acetabulum 16

Balmford 15

Calvo 33

Dalinghosaurus 9

Early Cretaceous 9

Falconiformes 13

gastralia 10

Hamley 17

Iberomesornis 7

Jeholodens 9

kinetic skulls 2

Lack 10


nasorbital septum 7

occipital condyle 14

Padian 27

Queiroz 2

radiometric dates 13

Sampson 26

take off 8

uncinate processes 2

Velociraport 3

Walker 6

Xu 1

Yixian Formation 1

Zhang 7


Richard Lederer came up with a pun that the Bard of Avon would crack up over: "Two Shakespeares of a Lambs' Tales."

From Russia Without Love

Rich sends the following cyclical transposal: "Given the shutting down of opposition media by Russian president Vladimir PUTIN, it's apparent that he does not seek honest INPUT."

Susan's Saga

In this poem by Will Nediger, the S's lead the way most of the time, but the text takes a tempestuous twist at the end.
 Susan's Saga

 Simple Susan, staying spouseless,
 Sported simple satin sundress.
 Said Sam, "Shall Susan spouseless stay?"
 Sue showed shyness straightaway.

 Sam sought Susie sordidly.
 Sue stood strong, stout-heartedly.
 Steadfast Sammy staunchly stayed;
 Stalwart Sammy's seldom swayed.

 Susan suitor stalked Sue soon.
 She stood, sans sundress. Sammy swooned.
 Sue stabbed Sammy shamelessly.
 Sammy, suff'ring, said, "I see,
 You never really wanted me."

 His dying speech was devoid of s's,
 As the author of this speech confesses.
 (He couldn't finish his complaint
 While still obeying my constraint.)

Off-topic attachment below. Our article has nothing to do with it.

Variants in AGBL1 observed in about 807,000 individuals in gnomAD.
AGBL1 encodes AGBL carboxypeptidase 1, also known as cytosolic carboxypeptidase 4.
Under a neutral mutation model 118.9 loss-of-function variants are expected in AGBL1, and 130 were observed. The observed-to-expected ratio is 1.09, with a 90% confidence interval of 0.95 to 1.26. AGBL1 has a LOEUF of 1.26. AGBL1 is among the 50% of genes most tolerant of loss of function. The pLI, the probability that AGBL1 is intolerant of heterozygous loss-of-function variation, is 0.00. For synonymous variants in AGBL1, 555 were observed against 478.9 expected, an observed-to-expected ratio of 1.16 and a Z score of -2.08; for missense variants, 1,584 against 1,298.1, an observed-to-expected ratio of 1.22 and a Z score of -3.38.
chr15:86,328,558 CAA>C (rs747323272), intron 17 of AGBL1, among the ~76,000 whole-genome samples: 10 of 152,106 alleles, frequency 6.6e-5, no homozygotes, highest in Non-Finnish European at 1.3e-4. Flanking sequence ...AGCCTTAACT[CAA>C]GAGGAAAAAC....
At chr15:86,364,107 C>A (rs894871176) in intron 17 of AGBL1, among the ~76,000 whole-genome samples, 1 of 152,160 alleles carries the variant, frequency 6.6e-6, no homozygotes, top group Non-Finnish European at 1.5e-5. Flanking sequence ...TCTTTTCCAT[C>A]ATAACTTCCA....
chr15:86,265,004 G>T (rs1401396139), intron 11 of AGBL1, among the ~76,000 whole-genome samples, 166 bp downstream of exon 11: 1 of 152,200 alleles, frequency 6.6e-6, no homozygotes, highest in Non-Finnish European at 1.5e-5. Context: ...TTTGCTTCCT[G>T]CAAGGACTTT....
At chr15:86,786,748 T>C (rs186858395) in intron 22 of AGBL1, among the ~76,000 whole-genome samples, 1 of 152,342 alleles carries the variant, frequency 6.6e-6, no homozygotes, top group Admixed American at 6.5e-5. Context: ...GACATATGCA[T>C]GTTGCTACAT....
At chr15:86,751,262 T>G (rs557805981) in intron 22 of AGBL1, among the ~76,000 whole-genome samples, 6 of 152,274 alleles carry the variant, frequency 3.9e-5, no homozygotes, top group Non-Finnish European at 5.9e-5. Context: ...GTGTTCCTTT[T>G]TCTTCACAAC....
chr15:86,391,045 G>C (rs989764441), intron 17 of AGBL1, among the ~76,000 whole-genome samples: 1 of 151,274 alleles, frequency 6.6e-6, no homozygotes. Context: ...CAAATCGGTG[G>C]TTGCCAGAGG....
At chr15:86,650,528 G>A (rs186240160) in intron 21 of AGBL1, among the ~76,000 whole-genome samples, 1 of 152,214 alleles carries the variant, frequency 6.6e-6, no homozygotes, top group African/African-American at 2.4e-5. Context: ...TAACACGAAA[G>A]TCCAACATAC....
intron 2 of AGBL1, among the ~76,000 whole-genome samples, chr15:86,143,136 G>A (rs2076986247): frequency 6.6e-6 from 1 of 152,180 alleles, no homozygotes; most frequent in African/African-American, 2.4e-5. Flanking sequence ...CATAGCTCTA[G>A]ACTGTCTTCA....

Sammy's swan song should say "Such shenanigans show Sue's splenetic side."

Anthropomorphic (Body-Part) Maps

The May Kickshaws introduced Ellsworth Mason's book, Gazetteer of Gynecological Geography. It contains place names such as Brest, Wookey Hole, Peterhof, and Runnymede. Apparently there is more to this type of mapping than meets the eye, ear, nose, throat, etc. Israel "Izzy" Cohen explains this fascinatingly unusual field and offers suggestions to interested readers on how to find out more about it.

Anthropomorphic (body-part) maps are generated by configuring the virtual body of a god or goddess over the area to be mapped. Areas under each part of that body receive the name of that part. These maps equate geography with anatomy to produce place names that indicate where they are located relative to other places on the same map. Examples of these maps include 'Old Man' Napi (creator of the Blackfoot Indians) and his 'Old Woman' wife in Alberta, Canada, Hermes centered at Mount Hermon (now on the Israeli-Syrian cease-fire line, and Aphrodite in North Africa. Place names on the Hermes and Aphrodite maps seem Hebraic but probably are Phoenician. They do provide a coherent explanation for the origin of names such as MiTZRaiM/MiSR, GoSHeN, eGyPT, SiNai, etc., and why the Red Sea (Latin Mare Rubrum) is red.

He invites the reader to join the BPMaps discussion group (which currently has more than 100 members) by visiting First view the databases and then read "Attributes of Body Part Maps" in the message archive. Help us find more maps of this type.